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Ice water content-extinction relationships and effective diameter for TTL...

Thornberry, T., A. Rollins, M. Avery, S. Woods, P. Lawson, T. P. Bui, and R. Gao (2017), Ice water content-extinction relationships and effective diameter for TTL cirrus derived from in situ measurements during ATTREX 2014, J. Geophys. Res., 122, 4494-4507, doi:10.1002/2016JD025948.

The NASA Airborne Tropical Tropopause Experiment (ATTREX) deployment in January–March 2014 yielded more than 34 h of cirrus cloud sampling in the tropical tropopause layer (TTL) over the western Pacific. Cirrus were encountered throughout the TTL, at temperatures between 185 and 207 K, with ice water content (IWC) ranging from >10 mg m3 to below the instrumental detection limit of 1 μg m3. Geometric optical extinction (σ) values determined from cloud particle probe measurements ranged from 103 m1 to <107 m1. The median effective diameter (Deff) for cirrus sampled at T > 192 K was 40–50 μm and exhibited a weak temperature dependence, while colder than 192 K, Deff decreased more strongly with decreasing T. From the ATTREX data, a new parameterization of the IWC-σ relationship for TTL cirrus is derived that will improve the estimation of IWC from lidar and optical probe observations of these clouds. Plain Language Summary Cold, high-altitude tropical cirrus clouds are an important component of the climate system but are significantly underconstrained in climate models. Lidar measurements, especially from satellites, have the spatial and temporal coverage to produce statistically meaningful observations for model comparison and validation but do not directly measure quantities such as cloud ice water content that are important predicted quantities in the models. We have used an extensive data set of cloud ice water content and microphysical properties collected during a 2014 aircraft campaign in the western Pacific to derive a new parameterization that will improve the estimation of ice water content from lidar remote sensing measurements of tropical cirrus. With this parameterization, lidar observations can be used to derive a more accurate ice water content for tropical cirrus, in order to improve its treatment in models.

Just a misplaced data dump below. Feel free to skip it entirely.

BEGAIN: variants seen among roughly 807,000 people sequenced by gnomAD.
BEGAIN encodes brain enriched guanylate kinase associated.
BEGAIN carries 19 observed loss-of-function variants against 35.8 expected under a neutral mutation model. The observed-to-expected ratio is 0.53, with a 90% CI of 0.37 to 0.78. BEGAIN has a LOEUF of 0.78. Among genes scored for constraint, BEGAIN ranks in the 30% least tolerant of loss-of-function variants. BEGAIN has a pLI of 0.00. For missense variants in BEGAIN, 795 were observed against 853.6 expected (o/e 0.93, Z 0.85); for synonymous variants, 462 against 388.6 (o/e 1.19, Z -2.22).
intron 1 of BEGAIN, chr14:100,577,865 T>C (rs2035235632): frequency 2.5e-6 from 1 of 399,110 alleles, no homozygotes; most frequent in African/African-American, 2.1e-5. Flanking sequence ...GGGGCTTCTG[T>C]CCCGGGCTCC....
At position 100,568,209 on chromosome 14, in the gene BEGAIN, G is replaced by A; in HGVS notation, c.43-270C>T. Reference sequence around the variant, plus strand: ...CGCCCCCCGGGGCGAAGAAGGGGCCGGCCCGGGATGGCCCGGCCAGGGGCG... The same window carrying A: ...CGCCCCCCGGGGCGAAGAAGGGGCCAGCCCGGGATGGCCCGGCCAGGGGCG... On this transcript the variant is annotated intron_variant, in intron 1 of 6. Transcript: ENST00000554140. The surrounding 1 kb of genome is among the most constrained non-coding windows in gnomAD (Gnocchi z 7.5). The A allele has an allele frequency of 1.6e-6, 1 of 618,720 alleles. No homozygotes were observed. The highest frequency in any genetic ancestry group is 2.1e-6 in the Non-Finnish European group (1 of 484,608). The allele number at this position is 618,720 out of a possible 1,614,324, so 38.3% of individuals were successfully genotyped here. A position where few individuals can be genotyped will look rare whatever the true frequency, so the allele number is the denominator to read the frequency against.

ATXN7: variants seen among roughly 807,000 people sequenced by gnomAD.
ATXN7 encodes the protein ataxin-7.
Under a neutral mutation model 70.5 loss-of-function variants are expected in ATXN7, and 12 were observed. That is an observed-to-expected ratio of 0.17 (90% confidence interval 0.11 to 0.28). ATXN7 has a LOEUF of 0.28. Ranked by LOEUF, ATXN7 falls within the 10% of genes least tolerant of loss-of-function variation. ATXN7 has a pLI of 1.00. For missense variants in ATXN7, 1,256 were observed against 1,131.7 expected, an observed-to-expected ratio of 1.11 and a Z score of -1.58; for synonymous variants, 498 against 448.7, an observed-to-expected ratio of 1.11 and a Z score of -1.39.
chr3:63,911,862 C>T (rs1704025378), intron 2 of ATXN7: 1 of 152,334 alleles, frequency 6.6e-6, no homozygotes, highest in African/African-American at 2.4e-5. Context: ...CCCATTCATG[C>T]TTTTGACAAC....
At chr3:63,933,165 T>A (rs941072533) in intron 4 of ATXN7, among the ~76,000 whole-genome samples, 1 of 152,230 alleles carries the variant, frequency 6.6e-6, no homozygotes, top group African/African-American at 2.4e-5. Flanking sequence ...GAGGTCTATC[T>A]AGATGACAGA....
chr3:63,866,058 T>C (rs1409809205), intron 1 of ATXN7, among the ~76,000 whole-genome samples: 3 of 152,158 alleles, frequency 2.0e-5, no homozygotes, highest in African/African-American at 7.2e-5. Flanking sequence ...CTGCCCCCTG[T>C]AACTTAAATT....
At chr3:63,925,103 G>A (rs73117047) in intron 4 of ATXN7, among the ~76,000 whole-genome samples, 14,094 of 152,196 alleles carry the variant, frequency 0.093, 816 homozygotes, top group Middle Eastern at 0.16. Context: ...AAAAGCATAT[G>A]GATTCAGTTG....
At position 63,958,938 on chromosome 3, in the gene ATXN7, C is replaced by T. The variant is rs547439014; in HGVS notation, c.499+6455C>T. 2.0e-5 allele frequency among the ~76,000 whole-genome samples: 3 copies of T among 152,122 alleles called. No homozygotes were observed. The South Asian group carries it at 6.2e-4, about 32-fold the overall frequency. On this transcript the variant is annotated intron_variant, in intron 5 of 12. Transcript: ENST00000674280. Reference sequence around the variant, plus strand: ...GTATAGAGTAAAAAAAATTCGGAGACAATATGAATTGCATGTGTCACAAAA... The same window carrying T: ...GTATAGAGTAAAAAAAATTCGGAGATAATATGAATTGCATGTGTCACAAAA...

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Upper Atmosphere Research Program (UARP)